Uses, Tests for Purity and Preparation of Chemical Reagents: Employed in Qualitative, Quantitative, Volumetric, Docimastic, Microscopic and Petrographic Analysis, with a Supplement on the Use of the Spectroscope

Front Cover
John L. Boland Book and Stationery Company, 1890 - Chemical tests and reagents - 258 pages
0 Reviews
 

What people are saying - Write a review

We haven't found any reviews in the usual places.

Other editions - View all

Common terms and phrases

Popular passages

Page 257 - O. Uses, Tests for Purity and Preparation of Chemical Reagents employed in qualitative, quantitative, volumetric, docimastic, microscopic and petrographic analysis, with a supplement on the use of the spectroscope.
Page 8 - The method given below ls has been found to be useful by the authors. Procedure.— Place a piece of the binder and a drop of concentrated phosphoric acid in a micro 15 x 125 mm. test tube fixed in an asbestos board. Cover the mouth of the test tube with a piece of filter paper moistened in aniline acetate solution (10% of aniline in 10% acetic acid) and weigh down with a watch glass.
Page 1 - ... subject, but rather to serve as a supplement to them, to aid the analyst in selecting, testing and preparing the reagents he needs, and to gather into a single volume information now scattered over a vast extent of chemical literature. The...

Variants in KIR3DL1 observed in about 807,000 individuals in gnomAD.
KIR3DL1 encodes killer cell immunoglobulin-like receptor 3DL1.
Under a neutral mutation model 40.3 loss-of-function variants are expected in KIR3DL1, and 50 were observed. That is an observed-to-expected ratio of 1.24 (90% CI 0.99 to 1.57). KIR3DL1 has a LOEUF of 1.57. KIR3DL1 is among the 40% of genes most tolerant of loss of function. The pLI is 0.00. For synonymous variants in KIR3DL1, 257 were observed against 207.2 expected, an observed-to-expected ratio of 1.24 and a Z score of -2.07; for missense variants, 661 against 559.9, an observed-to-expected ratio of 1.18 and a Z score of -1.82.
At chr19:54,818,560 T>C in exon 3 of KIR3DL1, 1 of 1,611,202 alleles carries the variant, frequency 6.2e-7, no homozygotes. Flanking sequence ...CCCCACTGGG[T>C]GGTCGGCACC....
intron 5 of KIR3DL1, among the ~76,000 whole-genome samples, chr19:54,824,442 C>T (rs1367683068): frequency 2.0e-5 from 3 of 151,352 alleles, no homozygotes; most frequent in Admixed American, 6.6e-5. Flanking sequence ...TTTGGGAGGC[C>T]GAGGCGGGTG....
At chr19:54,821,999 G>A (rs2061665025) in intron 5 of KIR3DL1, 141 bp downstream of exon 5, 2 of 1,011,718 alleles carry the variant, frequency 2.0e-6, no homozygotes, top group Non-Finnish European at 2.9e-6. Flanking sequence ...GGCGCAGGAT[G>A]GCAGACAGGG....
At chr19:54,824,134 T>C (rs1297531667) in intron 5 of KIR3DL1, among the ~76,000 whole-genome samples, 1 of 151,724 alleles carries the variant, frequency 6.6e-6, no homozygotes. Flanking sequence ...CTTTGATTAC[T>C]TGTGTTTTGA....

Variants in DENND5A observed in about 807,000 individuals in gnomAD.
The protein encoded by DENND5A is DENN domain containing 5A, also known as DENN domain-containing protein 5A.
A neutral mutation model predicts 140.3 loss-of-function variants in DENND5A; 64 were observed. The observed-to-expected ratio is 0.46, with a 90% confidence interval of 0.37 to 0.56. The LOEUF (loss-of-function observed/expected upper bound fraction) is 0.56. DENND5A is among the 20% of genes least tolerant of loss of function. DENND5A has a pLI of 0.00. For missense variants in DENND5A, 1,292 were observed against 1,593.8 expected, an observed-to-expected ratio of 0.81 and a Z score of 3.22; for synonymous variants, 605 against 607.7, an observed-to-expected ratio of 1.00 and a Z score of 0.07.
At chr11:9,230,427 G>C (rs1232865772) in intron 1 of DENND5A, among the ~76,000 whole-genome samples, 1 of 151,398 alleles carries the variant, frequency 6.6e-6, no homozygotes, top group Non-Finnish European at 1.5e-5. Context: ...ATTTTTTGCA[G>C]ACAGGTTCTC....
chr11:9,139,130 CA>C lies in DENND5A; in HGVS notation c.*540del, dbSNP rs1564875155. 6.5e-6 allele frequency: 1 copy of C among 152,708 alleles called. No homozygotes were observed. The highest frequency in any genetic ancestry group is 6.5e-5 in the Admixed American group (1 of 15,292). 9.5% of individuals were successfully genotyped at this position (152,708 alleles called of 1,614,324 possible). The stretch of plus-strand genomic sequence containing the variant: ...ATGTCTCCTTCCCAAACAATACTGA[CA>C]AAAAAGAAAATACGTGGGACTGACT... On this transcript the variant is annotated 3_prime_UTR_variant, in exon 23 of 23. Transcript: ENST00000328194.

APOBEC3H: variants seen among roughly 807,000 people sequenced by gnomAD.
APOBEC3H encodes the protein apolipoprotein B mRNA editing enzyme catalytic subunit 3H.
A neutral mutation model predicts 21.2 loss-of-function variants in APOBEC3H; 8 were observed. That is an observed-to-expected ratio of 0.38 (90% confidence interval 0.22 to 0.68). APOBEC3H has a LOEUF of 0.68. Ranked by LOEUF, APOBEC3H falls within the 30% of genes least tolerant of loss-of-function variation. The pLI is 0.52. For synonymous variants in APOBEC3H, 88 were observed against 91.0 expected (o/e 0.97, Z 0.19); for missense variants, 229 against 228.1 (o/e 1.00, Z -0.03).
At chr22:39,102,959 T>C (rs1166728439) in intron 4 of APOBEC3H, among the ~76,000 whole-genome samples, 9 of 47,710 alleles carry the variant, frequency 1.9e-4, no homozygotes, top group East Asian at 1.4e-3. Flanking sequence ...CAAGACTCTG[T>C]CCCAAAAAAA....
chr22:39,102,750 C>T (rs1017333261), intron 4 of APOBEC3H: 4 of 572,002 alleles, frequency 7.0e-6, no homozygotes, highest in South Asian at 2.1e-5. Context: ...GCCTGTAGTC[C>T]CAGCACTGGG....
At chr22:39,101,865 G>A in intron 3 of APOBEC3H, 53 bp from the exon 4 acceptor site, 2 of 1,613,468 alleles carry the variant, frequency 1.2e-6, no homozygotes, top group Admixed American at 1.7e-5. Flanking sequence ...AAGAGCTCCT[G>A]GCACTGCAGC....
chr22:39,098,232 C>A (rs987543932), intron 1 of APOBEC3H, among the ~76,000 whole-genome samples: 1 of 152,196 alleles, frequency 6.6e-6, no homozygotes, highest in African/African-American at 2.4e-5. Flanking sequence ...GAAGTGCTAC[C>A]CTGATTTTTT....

Page 128 - Cc of a mixture of 2 parts of concentrated sulphuric acid and 1 part of water down through the condenser tube.
Page 218 - He mapped 350 dark lines, and labeled the most prominent ones with letters of the alphabet beginning at the red end of the spectrum.
Page 139 - Bunsen2, who placed a measured volume of the gas in a graduated tube over mercury and added a certain volume of the liquid. The tube was then shaken in a water bath of constant temperature, the open end being screwed against an india-rubber plate. By repeatedly opening the end under mercury and then closing it again and shaking, saturation was obtained, the solubility being determined...
Page 257 - Including Dr. F. Beilstein's Lessons in Qualitative Chemical Analysis, Arranged on the Basis of the Last German Edition. Third Edition. Illustrated.
Page 216 - Gases or vapors, when sufficiently heated to becomeluminous, emit, under ordinary pressure, color rays which are dispersed into an interrupted spectrum of bright lines ; with increasing pressure and density these lines spread into diffuse luminous bands, and finally form a continuous spectrum.
Page 144 - Lt also serves to detect glycerin in wine, etc., by heating the solution to dryness, moistening with a drop or two of a mixture of equal parts of phenol and concentrated sulphuric acid and adding ammonia.
Page 176 - ... hydrochloric acid (about 30 cc. are needed), the acid solution filtered and agitated with ether until coloring matter is no longer extracted, then rendered alkaline with ammonia and agitated with three successive portions of ether of 25 cc. each ; after drying the ether with fused calcium chloride, the ethereal solution is separated, the ether distilled off and the residue weighed, after drying in a dessicator.

Bibliographic information